Wednesday, January 21, 2009

Israel Wanted a Humanitarian Crisis

Targeting civilians was a deliberate part of this bid to humiliate Hamas and the Palestinians, and pulverise Gaza into chaos

The scale of Israel’s attack on the Gaza Strip, and the almost daily reports of war crimes over the last three weeks, has drawn criticism from even longstanding friends and sympathisers. Despite the Israeli government’s long-planned and comprehensive PR campaign, hundreds of dead children is a hard sell. As a former Israeli government press adviser put it, in a wonderful bit of unintentional irony, “When you have a Palestinian kid facing an Israeli tank, how do you explain that the tank is actually David and the kid is Goliath?”

Despite a mass of evidence that includes Israel’s targets in Operation Cast Lead, public remarks by Israeli leaders over some time, and the ceasefire manoeuvring of this last weekend, much of the analysis offered by politicians or commentators has been disappointingly limited, and characterised by false assumptions, or misplaced emphases, about Israel’s motivations.

First, to what this war on Gaza is not about: it’s not about the rockets. During the truce last year, rocket fire from the Gaza Strip was reduced by 97%, with the few projectiles that were fired coming from non-Hamas groups opposed to the agreement. Despite this success in vastly improving the security of Israelis in the south, Israel did everything it could to undermine the calm, and provoke Hamas into a conflict.

Israel broke the ceasefire on 4 November, with an attack in the Gaza Strip that killed six Hamas members, and the following day severely tightened its siege of the territory. Imports were reduced to 16 trucks a day, down from 123 daily just the previous month (and 475 in May 2007). Following the unsurprising surge in Palestinian attacks, Israeli officials claimed that an all-out war was unavoidable; without mentioning that an operation had been planned for some months already.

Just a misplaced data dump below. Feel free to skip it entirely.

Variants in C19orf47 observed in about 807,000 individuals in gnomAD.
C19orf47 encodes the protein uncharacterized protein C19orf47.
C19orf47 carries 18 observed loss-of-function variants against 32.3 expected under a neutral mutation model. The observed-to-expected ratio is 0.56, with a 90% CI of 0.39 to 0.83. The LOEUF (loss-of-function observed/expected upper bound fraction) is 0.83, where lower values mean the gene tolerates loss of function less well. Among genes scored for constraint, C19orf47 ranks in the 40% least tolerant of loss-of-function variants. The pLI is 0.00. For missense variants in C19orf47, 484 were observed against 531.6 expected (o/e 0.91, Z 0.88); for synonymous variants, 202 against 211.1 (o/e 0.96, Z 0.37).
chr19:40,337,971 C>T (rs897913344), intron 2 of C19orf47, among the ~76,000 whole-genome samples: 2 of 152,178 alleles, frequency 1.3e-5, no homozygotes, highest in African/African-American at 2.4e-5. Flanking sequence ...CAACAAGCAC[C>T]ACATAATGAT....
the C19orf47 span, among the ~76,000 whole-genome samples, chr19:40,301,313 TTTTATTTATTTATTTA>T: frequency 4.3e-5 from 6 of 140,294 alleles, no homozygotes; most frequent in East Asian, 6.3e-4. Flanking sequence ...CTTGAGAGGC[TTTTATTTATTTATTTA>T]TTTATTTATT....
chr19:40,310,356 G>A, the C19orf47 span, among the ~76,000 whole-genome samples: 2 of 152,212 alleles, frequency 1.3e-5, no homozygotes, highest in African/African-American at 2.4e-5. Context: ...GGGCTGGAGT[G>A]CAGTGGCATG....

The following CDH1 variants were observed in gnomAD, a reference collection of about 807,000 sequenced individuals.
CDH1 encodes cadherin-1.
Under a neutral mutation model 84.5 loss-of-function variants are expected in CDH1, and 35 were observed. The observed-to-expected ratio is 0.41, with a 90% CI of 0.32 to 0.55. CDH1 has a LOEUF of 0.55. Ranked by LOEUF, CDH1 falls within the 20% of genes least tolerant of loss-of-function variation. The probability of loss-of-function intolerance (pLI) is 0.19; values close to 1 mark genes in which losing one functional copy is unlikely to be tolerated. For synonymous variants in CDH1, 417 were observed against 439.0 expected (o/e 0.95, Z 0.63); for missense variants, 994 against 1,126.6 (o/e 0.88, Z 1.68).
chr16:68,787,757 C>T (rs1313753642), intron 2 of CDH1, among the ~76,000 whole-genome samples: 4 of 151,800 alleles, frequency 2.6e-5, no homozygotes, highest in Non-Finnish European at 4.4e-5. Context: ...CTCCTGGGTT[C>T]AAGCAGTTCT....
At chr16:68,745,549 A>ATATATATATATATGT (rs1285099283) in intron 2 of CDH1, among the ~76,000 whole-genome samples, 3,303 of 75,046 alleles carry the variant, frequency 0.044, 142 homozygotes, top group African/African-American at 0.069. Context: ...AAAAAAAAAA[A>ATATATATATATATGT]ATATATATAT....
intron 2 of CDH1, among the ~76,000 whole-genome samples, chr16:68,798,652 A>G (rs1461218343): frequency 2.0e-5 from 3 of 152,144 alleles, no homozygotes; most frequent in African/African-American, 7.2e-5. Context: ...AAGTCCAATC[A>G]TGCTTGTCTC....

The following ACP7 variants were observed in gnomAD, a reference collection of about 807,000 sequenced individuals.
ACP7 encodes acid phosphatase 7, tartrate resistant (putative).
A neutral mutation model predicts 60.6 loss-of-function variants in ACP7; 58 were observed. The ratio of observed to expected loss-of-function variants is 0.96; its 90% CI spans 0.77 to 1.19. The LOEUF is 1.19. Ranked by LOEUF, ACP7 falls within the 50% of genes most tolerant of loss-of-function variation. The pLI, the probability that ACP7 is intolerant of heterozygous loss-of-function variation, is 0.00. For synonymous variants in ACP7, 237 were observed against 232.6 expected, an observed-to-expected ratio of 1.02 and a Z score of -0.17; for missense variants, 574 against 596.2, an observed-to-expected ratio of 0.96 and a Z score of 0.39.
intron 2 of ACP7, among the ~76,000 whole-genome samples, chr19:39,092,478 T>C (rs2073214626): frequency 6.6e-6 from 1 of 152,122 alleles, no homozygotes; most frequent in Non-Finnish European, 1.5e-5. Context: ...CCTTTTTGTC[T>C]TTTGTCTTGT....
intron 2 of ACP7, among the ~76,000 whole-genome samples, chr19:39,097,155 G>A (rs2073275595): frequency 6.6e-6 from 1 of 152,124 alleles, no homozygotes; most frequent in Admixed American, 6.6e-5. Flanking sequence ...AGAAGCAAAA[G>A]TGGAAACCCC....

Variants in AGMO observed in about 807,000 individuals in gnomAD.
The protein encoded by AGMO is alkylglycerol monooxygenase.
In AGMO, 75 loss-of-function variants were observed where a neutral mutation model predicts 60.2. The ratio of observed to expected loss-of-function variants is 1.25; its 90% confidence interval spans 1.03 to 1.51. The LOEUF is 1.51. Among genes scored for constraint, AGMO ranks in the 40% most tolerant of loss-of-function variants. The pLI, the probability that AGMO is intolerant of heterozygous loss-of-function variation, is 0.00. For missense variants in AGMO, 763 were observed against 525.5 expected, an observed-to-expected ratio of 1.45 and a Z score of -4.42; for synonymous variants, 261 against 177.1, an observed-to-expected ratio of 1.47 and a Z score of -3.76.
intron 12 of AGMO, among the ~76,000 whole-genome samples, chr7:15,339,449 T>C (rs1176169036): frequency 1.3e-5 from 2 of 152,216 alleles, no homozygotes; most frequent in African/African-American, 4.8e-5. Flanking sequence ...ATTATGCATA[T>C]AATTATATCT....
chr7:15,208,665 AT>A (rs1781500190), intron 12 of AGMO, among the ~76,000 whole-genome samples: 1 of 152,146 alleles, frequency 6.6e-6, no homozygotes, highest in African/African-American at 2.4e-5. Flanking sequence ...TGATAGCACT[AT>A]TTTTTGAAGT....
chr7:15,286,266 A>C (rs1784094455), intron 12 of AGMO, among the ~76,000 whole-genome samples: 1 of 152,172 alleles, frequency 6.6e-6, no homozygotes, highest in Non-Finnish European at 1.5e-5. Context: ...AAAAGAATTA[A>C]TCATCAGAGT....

Second, the current operation is only in a limited sense related to both the upcoming Israeli elections and restoring the IDF’s so-called deterrence. While it has been pointed out that a hardline approach to Palestinian “terrorism” can play well with the Israeli public, wars are not necessarily Israeli politicians’ tactic of choice - the Lebanon war was fought a few months after one.

Israel is also supposed to be restoring the reputation and “deterrence factor” of its armed forces, after their humiliation in Lebanon in 2006. Suffice to say that until this weekend’s unilateral ceasefire, in an aid-dependent enclave defended by an almost entirely isolated militia, Israel’s operation had already lasted three times longer than the 1967 war when Israel defeated its Arab neighbours and occupied the rest of Mandate Palestine.

These three suggested motivations have sometimes reached the level of assumed knowledge, providing the background for further comment and reporting. Based on this kind of analysis, then, criticism of Palestinian civilian casualties is framed as “disproportionate” or “heavy-handed”, but fundamentally a case of self-defence. It is understood that any democratic nation would have to respond to terrorist rocket fire, but Israel has gone a bit too far.

There is, however, no shortage of evidence available that points to rather different Israeli aims. Estimates for the proportion of civilian deaths among the 1,360 Palestinians killed range from more than half to two-thirds. Politicians, diplomats and journalists are by and large shying away from the obvious, namely that Israel has been deliberately targeting Palestinian civilians and the very infrastructure of normal life, in order to - in the best colonial style - teach the natives a lesson.

Continued >>

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